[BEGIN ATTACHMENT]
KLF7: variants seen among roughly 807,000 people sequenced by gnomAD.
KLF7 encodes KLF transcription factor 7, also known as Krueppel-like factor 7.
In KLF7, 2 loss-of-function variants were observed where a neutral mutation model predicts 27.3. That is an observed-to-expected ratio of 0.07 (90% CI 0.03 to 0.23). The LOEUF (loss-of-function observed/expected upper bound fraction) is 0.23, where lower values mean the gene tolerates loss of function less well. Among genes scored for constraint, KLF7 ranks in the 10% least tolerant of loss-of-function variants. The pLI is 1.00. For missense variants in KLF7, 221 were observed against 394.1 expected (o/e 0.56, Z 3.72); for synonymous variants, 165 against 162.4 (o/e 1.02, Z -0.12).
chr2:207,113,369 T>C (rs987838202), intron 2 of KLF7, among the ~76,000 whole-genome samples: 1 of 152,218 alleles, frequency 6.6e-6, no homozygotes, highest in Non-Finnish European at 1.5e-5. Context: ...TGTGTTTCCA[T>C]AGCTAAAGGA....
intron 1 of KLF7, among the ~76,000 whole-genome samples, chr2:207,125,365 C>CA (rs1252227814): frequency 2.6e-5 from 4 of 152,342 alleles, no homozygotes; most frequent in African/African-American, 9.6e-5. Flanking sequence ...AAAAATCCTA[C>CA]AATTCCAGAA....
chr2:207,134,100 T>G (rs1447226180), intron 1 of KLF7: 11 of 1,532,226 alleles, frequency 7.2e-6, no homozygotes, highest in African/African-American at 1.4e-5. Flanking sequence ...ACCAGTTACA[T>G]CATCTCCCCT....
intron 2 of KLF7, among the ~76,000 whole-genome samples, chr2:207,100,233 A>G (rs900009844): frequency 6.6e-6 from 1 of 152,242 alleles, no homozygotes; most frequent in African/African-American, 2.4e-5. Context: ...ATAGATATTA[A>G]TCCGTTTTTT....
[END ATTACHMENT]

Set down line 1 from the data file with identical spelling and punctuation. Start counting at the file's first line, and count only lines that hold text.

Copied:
KLF7: variants seen among roughly 807,000 people sequenced by gnomAD.